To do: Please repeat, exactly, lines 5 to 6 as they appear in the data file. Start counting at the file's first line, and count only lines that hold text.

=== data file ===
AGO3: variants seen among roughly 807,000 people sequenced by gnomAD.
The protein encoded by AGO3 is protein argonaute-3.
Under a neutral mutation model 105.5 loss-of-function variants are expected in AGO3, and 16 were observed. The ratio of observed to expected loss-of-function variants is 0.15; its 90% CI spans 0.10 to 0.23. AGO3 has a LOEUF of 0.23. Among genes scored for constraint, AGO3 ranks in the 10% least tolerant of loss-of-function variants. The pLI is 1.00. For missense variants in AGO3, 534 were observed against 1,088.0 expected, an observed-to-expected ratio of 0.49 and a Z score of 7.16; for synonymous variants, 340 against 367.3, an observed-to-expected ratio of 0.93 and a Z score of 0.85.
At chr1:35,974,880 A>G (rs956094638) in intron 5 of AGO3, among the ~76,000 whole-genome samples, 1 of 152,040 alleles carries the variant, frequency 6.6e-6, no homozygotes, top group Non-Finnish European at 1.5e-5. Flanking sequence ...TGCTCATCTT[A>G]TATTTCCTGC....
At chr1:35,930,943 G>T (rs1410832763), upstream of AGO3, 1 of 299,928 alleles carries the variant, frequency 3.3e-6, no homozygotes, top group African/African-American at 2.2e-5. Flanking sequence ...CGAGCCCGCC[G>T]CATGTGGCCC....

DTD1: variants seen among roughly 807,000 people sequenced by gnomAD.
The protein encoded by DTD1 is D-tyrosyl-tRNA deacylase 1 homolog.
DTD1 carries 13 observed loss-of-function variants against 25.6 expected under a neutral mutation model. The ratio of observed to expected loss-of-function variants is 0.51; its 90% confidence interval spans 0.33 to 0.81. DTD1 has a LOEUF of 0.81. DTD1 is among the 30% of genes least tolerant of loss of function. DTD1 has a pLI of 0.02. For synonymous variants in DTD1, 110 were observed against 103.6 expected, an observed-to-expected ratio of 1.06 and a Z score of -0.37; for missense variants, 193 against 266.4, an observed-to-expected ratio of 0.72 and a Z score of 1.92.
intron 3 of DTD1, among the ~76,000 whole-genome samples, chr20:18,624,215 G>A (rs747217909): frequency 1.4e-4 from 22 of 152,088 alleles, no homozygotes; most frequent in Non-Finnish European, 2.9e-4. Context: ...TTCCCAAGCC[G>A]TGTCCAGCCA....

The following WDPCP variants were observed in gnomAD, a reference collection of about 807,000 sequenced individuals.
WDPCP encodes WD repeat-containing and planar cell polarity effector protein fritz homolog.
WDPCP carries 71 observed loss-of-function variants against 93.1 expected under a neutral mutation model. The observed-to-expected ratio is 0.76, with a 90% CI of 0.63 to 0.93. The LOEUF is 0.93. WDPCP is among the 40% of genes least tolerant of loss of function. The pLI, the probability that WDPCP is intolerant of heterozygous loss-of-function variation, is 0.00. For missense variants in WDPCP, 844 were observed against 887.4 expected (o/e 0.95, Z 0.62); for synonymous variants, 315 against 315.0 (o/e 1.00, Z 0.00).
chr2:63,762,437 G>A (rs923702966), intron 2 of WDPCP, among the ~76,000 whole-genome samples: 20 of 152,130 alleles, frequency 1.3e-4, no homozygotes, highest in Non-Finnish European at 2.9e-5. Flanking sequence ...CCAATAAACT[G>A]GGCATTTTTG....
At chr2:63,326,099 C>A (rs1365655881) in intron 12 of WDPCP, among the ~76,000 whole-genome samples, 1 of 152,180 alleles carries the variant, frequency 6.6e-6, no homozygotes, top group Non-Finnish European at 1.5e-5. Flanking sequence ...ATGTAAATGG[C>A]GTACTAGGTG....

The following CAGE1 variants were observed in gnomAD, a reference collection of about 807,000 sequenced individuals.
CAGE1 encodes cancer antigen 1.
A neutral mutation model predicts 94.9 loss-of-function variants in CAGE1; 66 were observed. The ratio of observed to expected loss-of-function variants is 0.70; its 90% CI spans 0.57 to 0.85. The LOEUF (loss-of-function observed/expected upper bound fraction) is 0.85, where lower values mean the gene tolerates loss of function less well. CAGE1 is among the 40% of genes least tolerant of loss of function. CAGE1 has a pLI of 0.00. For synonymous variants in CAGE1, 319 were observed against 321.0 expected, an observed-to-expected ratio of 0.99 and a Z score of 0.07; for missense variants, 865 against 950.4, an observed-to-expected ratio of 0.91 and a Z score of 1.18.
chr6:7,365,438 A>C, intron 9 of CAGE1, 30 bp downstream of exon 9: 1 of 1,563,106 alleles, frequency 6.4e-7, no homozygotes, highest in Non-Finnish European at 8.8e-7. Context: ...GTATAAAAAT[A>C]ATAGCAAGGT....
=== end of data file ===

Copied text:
At chr1:35,930,943 G>T (rs1410832763), upstream of AGO3, 1 of 299,928 alleles carries the variant, frequency 3.3e-6, no homozygotes, top group African/African-American at 2.2e-5. Flanking sequence ...CGAGCCCGCC[G>T]CATGTGGCCC....

DTD1: variants seen among roughly 807,000 people sequenced by gnomAD.